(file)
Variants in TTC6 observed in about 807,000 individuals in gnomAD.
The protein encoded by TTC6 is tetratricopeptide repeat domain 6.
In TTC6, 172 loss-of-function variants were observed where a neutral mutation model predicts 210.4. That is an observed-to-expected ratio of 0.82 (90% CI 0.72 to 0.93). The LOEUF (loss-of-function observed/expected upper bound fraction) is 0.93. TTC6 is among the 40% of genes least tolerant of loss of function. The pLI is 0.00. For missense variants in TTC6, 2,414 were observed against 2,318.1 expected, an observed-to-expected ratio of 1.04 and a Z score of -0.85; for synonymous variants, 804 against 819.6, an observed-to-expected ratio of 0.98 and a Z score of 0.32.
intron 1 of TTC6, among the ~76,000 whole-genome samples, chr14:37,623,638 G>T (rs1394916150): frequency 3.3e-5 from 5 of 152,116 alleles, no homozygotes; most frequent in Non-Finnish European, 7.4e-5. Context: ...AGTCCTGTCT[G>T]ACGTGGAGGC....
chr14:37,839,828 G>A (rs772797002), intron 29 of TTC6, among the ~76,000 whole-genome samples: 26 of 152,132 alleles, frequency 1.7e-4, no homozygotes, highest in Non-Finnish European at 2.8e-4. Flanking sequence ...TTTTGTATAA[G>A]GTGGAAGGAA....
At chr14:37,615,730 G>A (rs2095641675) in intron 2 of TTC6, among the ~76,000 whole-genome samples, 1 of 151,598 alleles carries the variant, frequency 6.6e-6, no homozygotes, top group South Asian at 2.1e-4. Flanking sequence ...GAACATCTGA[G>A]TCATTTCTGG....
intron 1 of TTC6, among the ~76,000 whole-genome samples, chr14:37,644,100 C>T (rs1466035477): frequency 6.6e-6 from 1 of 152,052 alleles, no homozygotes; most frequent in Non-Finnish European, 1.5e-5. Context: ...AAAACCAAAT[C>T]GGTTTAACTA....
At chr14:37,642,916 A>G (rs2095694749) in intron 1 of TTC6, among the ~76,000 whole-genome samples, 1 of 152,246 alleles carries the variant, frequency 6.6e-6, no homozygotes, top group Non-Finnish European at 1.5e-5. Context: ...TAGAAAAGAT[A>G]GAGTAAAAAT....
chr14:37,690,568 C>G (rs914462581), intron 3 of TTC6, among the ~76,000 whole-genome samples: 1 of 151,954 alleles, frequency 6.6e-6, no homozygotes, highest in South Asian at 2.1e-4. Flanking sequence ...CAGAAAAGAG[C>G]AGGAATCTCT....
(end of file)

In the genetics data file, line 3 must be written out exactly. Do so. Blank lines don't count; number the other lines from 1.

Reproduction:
In TTC6, 172 loss-of-function variants were observed where a neutral mutation model predicts 210.4. That is an observed-to-expected ratio of 0.82 (90% CI 0.72 to 0.93). The LOEUF (loss-of-function observed/expected upper bound fraction) is 0.93. TTC6 is among the 40% of genes least tolerant of loss of function. The pLI is 0.00. For missense variants in TTC6, 2,414 were observed against 2,318.1 expected, an observed-to-expected ratio of 1.04 and a Z score of -0.85; for synonymous variants, 804 against 819.6, an observed-to-expected ratio of 0.98 and a Z score of 0.32.